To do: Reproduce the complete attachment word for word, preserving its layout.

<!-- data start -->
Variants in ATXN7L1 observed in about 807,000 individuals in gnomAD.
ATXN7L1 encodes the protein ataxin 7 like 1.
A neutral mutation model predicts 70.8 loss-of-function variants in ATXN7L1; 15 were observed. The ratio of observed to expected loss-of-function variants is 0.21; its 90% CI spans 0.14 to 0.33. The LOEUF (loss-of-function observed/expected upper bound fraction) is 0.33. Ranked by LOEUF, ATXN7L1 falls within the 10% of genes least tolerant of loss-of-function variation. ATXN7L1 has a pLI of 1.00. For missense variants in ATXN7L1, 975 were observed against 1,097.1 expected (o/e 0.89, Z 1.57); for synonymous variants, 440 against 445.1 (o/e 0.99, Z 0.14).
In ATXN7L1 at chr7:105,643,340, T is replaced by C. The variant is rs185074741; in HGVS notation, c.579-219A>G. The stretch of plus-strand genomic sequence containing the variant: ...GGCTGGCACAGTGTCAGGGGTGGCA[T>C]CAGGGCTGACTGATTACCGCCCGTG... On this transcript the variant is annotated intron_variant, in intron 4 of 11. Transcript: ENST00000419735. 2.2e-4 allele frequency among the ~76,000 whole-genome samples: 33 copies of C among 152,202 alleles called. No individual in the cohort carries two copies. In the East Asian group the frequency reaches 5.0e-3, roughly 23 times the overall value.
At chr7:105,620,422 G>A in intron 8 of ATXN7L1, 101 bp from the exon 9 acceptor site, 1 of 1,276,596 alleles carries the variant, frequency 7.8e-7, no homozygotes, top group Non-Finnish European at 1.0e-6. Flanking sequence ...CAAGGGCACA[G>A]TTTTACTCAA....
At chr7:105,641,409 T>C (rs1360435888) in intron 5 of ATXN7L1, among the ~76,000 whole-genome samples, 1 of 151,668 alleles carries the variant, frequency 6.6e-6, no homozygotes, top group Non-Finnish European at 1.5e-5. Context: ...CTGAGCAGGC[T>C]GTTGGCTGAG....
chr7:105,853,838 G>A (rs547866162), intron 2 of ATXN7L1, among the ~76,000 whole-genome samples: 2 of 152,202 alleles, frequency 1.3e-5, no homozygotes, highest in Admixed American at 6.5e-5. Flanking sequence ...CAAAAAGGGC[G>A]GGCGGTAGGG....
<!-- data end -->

Variants in ATXN7L1 observed in about 807,000 individuals in gnomAD.
ATXN7L1 encodes the protein ataxin 7 like 1.
A neutral mutation model predicts 70.8 loss-of-function variants in ATXN7L1; 15 were observed. The ratio of observed to expected loss-of-function variants is 0.21; its 90% CI spans 0.14 to 0.33. The LOEUF (loss-of-function observed/expected upper bound fraction) is 0.33. Ranked by LOEUF, ATXN7L1 falls within the 10% of genes least tolerant of loss-of-function variation. ATXN7L1 has a pLI of 1.00. For missense variants in ATXN7L1, 975 were observed against 1,097.1 expected (o/e 0.89, Z 1.57); for synonymous variants, 440 against 445.1 (o/e 0.99, Z 0.14).
In ATXN7L1 at chr7:105,643,340, T is replaced by C. The variant is rs185074741; in HGVS notation, c.579-219A>G. The stretch of plus-strand genomic sequence containing the variant: ...GGCTGGCACAGTGTCAGGGGTGGCA[T>C]CAGGGCTGACTGATTACCGCCCGTG... On this transcript the variant is annotated intron_variant, in intron 4 of 11. Transcript: ENST00000419735. 2.2e-4 allele frequency among the ~76,000 whole-genome samples: 33 copies of C among 152,202 alleles called. No individual in the cohort carries two copies. In the East Asian group the frequency reaches 5.0e-3, roughly 23 times the overall value.
At chr7:105,620,422 G>A in intron 8 of ATXN7L1, 101 bp from the exon 9 acceptor site, 1 of 1,276,596 alleles carries the variant, frequency 7.8e-7, no homozygotes, top group Non-Finnish European at 1.0e-6. Flanking sequence ...CAAGGGCACA[G>A]TTTTACTCAA....
At chr7:105,641,409 T>C (rs1360435888) in intron 5 of ATXN7L1, among the ~76,000 whole-genome samples, 1 of 151,668 alleles carries the variant, frequency 6.6e-6, no homozygotes, top group Non-Finnish European at 1.5e-5. Context: ...CTGAGCAGGC[T>C]GTTGGCTGAG....
chr7:105,853,838 G>A (rs547866162), intron 2 of ATXN7L1, among the ~76,000 whole-genome samples: 2 of 152,202 alleles, frequency 1.3e-5, no homozygotes, highest in Admixed American at 6.5e-5. Flanking sequence ...CAAAAAGGGC[G>A]GGCGGTAGGG....